Minimally Invasive Surgery for Colorectal Conditions
The lower part of your digestive tract, called the large intestine, is comprised of the colon and rectum and is also sometimes called the colorectal region. It can develop issues that range from occasionally bothersome to life-threatening. As an example, colorectal cancer is the third most common cancer in men and women who live in the U.S., with more than 145,000 new cases expected in 2019.1??There are also a number of noncancerous conditions that can cause pain and discomfort. These include, but are not limited to, inflammatory bowel diseases like Crohn’s disease and ulcerative colitis, blockages and ruptures, infected pockets (diverticulitis) and abscesses, and others that can take a toll of your quality of life and may require medical care. In the case of cancer or when lifestyle changes, medicine, and other options do not ease symptoms of noncancerous conditions, your doctor may suggest surgery.
In the past, surgeons made large incisions in skin and muscle so that they could directly see and work on the area of concern. This is called open surgery. Today doctors still perform open surgery, but can also perform many colorectal procedures using minimally invasive laparoscopic or robotic-assisted surgery, possibly with da Vinci technology. Both minimally invasive surgical options require a few small incisions that doctors use to insert surgical equipment and a camera for viewing. In laparoscopic surgery, doctors use special long-handled tools to perform surgery while viewing magnified images from the laparoscope (camera) on a video screen.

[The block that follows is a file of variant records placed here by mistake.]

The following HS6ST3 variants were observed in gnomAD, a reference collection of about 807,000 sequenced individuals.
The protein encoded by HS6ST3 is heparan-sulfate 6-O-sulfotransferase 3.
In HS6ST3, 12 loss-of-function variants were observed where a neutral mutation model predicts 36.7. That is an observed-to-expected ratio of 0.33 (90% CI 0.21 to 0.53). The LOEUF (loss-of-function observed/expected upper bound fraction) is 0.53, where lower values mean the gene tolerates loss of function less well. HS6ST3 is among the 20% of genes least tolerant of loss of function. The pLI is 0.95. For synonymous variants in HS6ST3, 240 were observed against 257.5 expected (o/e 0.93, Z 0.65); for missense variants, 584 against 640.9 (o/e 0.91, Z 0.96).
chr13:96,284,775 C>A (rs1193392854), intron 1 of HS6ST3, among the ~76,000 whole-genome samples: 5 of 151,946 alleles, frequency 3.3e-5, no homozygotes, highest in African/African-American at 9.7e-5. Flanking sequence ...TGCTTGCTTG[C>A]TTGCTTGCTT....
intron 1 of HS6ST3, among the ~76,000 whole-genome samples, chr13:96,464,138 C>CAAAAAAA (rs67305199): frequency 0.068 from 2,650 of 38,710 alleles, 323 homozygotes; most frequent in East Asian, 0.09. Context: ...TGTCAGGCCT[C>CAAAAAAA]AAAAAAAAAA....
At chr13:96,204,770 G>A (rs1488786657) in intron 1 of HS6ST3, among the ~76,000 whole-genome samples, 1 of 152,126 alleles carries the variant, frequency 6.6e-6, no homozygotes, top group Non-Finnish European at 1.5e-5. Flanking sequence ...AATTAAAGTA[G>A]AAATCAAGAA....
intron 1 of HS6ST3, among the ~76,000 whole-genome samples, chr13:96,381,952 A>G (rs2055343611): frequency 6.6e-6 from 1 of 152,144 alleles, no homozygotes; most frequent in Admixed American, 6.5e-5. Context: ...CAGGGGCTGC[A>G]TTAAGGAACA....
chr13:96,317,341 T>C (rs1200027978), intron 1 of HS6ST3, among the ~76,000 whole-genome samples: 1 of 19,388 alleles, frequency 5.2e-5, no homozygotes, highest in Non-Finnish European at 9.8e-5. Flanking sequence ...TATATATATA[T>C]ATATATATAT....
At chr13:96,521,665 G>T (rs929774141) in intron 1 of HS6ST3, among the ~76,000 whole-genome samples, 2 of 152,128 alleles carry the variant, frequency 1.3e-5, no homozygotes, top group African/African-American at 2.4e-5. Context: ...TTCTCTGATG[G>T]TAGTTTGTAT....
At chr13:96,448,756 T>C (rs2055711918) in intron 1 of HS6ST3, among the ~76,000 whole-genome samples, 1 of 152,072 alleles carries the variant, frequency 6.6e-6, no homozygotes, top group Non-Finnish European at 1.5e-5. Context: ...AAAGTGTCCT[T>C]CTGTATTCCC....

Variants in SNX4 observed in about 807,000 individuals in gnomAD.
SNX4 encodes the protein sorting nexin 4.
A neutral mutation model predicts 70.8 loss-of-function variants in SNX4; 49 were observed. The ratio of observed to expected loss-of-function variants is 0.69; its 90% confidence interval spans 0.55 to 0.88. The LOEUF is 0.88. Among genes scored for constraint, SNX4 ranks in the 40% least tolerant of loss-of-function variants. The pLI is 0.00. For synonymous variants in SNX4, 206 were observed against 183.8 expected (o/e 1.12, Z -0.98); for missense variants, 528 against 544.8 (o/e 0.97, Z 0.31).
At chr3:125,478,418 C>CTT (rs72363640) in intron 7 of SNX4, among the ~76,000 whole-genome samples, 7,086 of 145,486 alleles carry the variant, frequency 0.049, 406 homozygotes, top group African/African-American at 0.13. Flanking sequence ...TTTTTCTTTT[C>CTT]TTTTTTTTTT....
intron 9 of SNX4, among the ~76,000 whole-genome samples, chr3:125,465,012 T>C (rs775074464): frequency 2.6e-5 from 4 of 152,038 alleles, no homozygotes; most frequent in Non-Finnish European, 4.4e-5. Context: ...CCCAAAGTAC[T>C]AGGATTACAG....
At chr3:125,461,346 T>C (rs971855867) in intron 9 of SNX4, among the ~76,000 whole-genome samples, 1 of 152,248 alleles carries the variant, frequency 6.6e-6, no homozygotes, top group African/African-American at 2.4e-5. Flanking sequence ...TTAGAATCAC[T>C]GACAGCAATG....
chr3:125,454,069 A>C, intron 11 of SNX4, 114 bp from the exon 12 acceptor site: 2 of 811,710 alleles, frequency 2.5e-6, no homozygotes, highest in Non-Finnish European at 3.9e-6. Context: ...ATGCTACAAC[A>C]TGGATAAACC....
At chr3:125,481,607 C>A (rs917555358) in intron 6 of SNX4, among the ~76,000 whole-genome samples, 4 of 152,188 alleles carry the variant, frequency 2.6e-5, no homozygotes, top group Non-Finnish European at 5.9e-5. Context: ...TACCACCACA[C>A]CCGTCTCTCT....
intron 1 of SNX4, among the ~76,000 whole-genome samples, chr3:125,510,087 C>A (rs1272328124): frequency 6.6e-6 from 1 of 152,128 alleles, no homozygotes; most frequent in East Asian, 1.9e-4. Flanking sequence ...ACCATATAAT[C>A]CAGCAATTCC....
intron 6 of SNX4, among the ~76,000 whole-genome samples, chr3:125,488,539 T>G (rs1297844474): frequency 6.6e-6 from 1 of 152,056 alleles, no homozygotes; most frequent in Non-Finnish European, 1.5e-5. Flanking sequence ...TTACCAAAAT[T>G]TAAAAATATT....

What is a da Vinci surgical system?
Da Vinci surgical systems are comprised of three components: surgeon console, patient-side cart, and vision cart. (1) The Surgeon’s Console. (2) Patient cart, (3) Vision cart.
The Surgeon’s Console: The Surgeon’s Console is where your surgeon sits during the procedure, has a crystal-clear 3D high definition view of your anatomy and controls the instruments. The tiny instruments are “wristed” and move like a human hand but with a far greater range of motion.??Patient cart: The patient side cart is positioned near the patient on the operating table. It is where the instruments used during the operation move in real time inside the patient’s body in response to your surgeon’s hand movements at the surgeon’s console.
?Vision cart: The vision cart makes communication between the components of the system possible and provides a screen for the operating room team to view the operation in real time.